I suggest that cities need two city attorneys--one to give honest, accurate legal advice, and the other to defend officials.
Voters want the city attorney to look out for them, and not just for elected officials. Shamefully, most elected officials want to keep the system in which the city attorney's job has been to help officials do whatever they want, and get away with it. Alternatively, the attorney tells the council what to do, and acts as a de facto city council without being elected.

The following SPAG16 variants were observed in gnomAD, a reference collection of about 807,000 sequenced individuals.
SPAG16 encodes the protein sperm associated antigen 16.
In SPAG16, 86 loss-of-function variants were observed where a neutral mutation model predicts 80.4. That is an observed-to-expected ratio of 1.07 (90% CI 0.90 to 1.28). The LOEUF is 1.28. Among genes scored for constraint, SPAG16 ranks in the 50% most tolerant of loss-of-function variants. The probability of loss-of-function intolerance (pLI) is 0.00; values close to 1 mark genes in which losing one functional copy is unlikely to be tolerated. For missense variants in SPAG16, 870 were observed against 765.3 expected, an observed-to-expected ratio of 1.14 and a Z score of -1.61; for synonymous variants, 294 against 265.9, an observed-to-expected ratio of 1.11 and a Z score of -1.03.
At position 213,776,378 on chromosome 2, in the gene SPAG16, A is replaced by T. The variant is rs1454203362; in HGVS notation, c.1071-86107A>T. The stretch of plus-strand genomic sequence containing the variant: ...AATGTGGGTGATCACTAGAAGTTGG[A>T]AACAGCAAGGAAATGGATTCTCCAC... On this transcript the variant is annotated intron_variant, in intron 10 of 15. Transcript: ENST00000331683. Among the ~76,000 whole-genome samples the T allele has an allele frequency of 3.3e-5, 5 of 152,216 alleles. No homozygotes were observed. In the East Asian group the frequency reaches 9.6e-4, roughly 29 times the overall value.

Apparently San Diego needs both Mike Aguirre and Jan Goldsmith.